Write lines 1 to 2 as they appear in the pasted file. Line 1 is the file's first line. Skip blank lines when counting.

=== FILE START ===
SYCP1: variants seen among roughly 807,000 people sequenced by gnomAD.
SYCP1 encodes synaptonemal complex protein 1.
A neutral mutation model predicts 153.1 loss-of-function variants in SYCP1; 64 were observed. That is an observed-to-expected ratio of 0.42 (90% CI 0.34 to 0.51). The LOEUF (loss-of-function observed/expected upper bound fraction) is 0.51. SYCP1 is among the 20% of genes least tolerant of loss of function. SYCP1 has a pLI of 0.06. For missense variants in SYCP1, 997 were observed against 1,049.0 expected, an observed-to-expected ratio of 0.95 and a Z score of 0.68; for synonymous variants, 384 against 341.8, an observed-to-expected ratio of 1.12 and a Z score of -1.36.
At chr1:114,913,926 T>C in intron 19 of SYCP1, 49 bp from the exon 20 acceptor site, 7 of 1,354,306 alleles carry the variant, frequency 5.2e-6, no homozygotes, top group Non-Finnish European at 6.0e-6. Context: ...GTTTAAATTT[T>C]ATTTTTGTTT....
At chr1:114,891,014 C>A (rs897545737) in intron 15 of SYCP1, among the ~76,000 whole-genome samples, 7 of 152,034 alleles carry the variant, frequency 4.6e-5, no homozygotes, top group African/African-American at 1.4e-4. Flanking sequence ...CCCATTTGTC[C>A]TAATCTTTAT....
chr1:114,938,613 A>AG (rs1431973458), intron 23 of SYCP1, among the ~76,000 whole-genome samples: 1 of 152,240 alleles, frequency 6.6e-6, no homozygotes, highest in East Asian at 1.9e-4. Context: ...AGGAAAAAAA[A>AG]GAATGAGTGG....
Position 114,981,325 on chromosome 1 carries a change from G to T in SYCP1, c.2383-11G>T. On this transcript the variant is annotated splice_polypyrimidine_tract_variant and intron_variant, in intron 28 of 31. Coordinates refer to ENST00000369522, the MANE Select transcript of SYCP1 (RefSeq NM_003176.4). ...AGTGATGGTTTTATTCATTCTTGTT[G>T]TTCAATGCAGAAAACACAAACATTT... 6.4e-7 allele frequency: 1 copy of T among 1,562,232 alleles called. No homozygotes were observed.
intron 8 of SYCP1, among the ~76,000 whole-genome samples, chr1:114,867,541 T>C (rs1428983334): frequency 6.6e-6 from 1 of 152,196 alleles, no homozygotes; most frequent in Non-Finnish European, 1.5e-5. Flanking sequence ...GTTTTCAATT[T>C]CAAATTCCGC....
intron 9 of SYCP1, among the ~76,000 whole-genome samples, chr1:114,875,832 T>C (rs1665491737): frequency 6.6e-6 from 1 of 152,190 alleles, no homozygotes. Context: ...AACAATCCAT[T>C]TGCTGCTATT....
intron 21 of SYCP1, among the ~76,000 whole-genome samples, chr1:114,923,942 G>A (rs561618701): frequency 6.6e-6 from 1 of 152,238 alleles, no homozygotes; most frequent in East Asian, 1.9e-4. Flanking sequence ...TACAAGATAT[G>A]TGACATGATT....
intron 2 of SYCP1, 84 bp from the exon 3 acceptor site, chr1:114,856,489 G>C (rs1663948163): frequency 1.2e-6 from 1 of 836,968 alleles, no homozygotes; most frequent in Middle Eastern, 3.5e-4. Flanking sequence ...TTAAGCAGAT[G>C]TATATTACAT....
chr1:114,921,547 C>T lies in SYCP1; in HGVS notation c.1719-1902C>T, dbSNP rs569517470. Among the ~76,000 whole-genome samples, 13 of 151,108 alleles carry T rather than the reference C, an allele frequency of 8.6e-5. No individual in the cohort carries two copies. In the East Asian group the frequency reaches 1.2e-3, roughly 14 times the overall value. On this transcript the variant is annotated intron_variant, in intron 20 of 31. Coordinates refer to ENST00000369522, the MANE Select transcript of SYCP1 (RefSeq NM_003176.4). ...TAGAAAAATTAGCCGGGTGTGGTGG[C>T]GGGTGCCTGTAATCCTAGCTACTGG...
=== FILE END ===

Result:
SYCP1: variants seen among roughly 807,000 people sequenced by gnomAD.
SYCP1 encodes synaptonemal complex protein 1.